Here's Why Event Hospitality & Entertainment (ASX:EVT) Can Afford Some Debt

By
Simply Wall St
Published
March 17, 2022
ASX:EVT
Source: Shutterstock

Some say volatility, rather than debt, is the best way to think about risk as an investor, but Warren Buffett famously said that 'Volatility is far from synonymous with risk.' It's only natural to consider a company's balance sheet when you examine how risky it is, since debt is often involved when a business collapses. We note that Event Hospitality & Entertainment Limited (ASX:EVT) does have debt on its balance sheet. But is this debt a concern to shareholders?

What Risk Does Debt Bring?

Debt is a tool to help businesses grow, but if a business is incapable of paying off its lenders, then it exists at their mercy. Part and parcel of capitalism is the process of 'creative destruction' where failed businesses are mercilessly liquidated by their bankers. However, a more common (but still painful) scenario is that it has to raise new equity capital at a low price, thus permanently diluting shareholders. Of course, debt can be an important tool in businesses, particularly capital heavy businesses. The first step when considering a company's debt levels is to consider its cash and debt together.

View our latest analysis for Event Hospitality & Entertainment

How Much Debt Does Event Hospitality & Entertainment Carry?

As you can see below, Event Hospitality & Entertainment had AU$445.8m of debt at December 2021, down from AU$532.5m a year prior. However, it does have AU$153.2m in cash offsetting this, leading to net debt of about AU$292.5m.

debt-equity-history-analysis
ASX:EVT Debt to Equity History March 17th 2022

How Healthy Is Event Hospitality & Entertainment's Balance Sheet?

We can see from the most recent balance sheet that Event Hospitality & Entertainment had liabilities of AU$404.6m falling due within a year, and liabilities of AU$1.35b due beyond that. Offsetting this, it had AU$153.2m in cash and AU$108.2m in receivables that were due within 12 months. So its liabilities outweigh the sum of its cash and (near-term) receivables by AU$1.49b.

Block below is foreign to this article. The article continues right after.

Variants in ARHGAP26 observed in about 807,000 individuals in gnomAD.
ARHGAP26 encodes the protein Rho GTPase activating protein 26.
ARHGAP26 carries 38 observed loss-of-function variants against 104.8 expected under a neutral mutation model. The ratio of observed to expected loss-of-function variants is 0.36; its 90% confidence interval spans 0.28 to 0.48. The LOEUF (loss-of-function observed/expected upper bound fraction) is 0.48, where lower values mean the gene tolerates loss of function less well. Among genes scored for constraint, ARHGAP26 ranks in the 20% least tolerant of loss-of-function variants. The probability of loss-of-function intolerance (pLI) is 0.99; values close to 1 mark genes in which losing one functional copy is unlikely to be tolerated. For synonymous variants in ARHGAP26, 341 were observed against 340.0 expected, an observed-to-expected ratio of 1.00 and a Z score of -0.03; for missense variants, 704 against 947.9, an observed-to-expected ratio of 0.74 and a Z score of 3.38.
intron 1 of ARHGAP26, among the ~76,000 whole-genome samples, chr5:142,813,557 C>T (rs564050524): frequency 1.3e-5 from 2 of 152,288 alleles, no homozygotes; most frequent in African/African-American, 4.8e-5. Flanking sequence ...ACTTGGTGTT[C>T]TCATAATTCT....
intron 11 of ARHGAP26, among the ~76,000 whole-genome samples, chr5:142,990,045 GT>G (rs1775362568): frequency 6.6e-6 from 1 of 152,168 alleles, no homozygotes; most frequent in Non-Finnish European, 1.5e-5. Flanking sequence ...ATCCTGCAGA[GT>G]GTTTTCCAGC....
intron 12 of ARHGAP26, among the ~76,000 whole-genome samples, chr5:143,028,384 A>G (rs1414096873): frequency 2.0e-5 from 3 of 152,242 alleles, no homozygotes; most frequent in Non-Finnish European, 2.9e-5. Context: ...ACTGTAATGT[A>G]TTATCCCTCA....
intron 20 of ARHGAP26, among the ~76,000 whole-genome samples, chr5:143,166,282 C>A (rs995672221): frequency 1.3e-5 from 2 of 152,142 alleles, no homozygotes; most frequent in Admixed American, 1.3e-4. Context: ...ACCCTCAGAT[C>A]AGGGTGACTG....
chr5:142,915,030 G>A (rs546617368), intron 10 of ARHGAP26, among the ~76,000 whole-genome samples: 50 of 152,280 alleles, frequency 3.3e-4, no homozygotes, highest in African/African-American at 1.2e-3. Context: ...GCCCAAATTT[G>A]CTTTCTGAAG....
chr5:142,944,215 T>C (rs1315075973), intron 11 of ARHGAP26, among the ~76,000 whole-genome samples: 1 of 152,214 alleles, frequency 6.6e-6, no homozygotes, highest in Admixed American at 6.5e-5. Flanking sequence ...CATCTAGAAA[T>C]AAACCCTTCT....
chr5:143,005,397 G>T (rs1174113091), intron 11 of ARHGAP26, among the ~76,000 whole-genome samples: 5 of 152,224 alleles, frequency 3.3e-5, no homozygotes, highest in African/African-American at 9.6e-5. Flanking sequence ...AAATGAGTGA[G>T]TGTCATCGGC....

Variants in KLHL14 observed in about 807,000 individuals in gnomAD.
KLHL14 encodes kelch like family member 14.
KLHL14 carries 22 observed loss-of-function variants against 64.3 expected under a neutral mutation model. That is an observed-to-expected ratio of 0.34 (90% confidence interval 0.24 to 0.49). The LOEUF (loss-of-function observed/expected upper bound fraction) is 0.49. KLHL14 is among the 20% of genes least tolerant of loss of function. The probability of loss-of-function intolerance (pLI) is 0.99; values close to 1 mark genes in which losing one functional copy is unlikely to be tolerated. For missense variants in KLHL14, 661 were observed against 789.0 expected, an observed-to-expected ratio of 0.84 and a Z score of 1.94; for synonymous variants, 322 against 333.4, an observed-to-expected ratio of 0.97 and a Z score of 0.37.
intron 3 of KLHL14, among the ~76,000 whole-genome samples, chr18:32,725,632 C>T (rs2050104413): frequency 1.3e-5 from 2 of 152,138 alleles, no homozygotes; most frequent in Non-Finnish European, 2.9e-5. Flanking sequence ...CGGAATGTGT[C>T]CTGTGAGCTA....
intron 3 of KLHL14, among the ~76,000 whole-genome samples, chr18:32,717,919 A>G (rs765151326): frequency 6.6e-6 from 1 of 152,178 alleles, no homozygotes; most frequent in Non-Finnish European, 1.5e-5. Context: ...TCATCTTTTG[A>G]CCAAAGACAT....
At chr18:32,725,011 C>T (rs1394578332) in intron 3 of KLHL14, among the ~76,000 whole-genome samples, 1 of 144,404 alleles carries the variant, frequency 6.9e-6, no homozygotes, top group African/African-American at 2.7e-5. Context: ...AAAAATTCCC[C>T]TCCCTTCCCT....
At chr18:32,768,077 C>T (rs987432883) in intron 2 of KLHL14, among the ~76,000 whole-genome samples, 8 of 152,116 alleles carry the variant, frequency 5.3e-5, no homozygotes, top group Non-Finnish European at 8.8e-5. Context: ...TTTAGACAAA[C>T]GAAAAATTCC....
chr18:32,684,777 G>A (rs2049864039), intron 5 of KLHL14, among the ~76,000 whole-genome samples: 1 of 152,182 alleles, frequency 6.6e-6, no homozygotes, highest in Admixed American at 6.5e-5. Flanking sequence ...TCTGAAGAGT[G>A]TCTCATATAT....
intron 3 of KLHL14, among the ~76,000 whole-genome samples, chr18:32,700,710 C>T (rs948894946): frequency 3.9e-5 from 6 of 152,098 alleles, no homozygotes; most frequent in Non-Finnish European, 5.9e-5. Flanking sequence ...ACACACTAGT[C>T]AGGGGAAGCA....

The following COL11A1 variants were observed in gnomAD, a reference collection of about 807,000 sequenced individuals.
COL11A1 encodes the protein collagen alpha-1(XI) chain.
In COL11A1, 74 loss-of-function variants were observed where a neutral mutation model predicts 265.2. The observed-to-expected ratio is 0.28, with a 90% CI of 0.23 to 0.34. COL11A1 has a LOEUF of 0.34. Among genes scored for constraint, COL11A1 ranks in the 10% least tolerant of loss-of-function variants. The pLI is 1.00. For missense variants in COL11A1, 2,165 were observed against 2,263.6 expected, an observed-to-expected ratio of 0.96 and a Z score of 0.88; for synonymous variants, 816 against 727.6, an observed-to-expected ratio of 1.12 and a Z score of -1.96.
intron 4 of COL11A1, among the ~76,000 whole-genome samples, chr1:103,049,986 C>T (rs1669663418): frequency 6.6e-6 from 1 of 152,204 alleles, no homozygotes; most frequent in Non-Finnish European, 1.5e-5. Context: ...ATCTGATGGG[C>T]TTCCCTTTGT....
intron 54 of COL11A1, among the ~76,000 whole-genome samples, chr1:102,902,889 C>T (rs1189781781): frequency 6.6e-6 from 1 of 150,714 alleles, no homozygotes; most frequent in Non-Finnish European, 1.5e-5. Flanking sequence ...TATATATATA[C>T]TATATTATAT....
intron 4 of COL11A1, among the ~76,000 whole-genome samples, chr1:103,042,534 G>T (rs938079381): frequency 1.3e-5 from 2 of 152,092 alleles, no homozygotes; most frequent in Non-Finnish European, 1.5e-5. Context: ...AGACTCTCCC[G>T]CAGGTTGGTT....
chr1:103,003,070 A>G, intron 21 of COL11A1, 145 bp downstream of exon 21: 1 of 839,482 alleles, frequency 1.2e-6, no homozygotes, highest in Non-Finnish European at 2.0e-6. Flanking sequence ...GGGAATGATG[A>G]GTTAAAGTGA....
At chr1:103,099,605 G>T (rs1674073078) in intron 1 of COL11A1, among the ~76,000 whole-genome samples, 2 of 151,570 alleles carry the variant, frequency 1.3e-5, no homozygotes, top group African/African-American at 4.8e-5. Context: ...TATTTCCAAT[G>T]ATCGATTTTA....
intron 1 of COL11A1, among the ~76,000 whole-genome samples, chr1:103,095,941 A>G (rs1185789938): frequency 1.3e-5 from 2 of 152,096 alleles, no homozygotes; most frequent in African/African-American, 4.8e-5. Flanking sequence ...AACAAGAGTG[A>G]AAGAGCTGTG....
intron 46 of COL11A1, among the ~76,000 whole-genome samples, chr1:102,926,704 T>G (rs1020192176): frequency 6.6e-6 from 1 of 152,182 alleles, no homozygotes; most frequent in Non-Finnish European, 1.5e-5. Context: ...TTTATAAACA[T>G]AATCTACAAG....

This deficit is considerable relative to its market capitalization of AU$2.33b, so it does suggest shareholders should keep an eye on Event Hospitality & Entertainment's use of debt. Should its lenders demand that it shore up the balance sheet, shareholders would likely face severe dilution. There's no doubt that we learn most about debt from the balance sheet. But ultimately the future profitability of the business will decide if Event Hospitality & Entertainment can strengthen its balance sheet over time. So if you want to see what the professionals think, you might find this free report on analyst profit forecasts to be interesting.

In the last year Event Hospitality & Entertainment wasn't profitable at an EBIT level, but managed to grow its revenue by 27%, to AU$667m. With any luck the company will be able to grow its way to profitability.

Caveat Emptor

While we can certainly appreciate Event Hospitality & Entertainment's revenue growth, its earnings before interest and tax (EBIT) loss is not ideal. To be specific the EBIT loss came in at AU$102m. Considering that alongside the liabilities mentioned above does not give us much confidence that company should be using so much debt. So we think its balance sheet is a little strained, though not beyond repair. On the bright side, we note that trailing twelve month EBIT is worse than the free cash flow of AU$163m and the profit of AU$46m. So one might argue that there's still a chance it can get things on the right track. When analysing debt levels, the balance sheet is the obvious place to start. But ultimately, every company can contain risks that exist outside of the balance sheet. We've identified 1 warning sign with Event Hospitality & Entertainment , and understanding them should be part of your investment process.

Of course, if you're the type of investor who prefers buying stocks without the burden of debt, then don't hesitate to discover our exclusive list of net cash growth stocks, today.

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